Possible steps toward a common banking system and the degree to which euro members surrender autonomy to Brussels may form the centerpiece of the summit agreement. While often reiterating that the bloc needs “more Europe,” Merkel, for example, rejects calls for a euro deposit-guarantee fund, saying such a measure would be inconceivable without more robust political union.
Proposals for common bank rules and supervision within the euro area are ambitious and would take time, Bank for International Settlements General Manager Jaime Caruana said in a speech in Basel yesterday.
More Germans would favor leaving the euro area than those in France, Italy and Spain, according to a poll published in four European newspapers yesterday. Some 39 percent of Germans would back such a move, compared with 28 percent of Italians, 26 percent of French voters and 24 percent of Spaniards, according to the Ifop-Fiducial survey.
This week’s cover of the German magazine Der Spiegel featured a defaced 1 euro coin with the title “If the Euro Breaks Up -- a Scenario.” Germany’s economy could shrink by as much as 10 percent in the year after a euro collapse, the magazine cited an unpublished study from the German Finance Ministry as saying.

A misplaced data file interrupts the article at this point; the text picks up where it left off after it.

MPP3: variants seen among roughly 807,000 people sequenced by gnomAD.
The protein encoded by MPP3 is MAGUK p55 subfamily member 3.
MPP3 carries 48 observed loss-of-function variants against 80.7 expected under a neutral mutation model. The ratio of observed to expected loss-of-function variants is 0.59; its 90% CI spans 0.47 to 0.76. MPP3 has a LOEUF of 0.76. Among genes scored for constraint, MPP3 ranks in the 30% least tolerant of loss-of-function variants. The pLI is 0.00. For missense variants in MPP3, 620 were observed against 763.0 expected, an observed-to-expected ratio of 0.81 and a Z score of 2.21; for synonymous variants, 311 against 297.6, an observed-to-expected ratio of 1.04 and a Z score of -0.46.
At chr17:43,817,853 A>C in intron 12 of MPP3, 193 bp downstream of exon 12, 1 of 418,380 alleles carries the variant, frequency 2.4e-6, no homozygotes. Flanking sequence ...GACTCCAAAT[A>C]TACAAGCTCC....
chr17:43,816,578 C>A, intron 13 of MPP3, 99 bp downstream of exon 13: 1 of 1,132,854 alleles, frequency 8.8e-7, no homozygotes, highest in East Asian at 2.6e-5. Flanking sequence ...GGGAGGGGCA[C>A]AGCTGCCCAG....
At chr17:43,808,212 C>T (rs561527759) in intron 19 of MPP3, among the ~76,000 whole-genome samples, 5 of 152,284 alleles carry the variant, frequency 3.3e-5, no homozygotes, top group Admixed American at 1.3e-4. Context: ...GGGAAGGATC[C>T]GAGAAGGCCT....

The statistics suggest that the cost of rescuing the euro would be a lesser evil compared with returning to national currencies, Spiegel cited a ministry official as saying. Joblessness would soar to more than 5 million from less then 3 million today, the magazine reported.
The ministry “won’t take part in speculation about alleged secret papers,” spokeswoman Silke Bruns said yesterday in Berlin. She said she isn’t aware that such a study exists.
Meanwhile, Germany’s Schaeuble is considering the idea of a referendum on further European integration, telling Spiegel that EU members need to move more power to Brussels “without every national state being able to block the decisions.”
Schaeuble didn’t say when a German referendum may be needed to approve the changes. “A few months ago I would have said: in five years? Not in my lifetime! Now I’m not so sure,” he told Spiegel.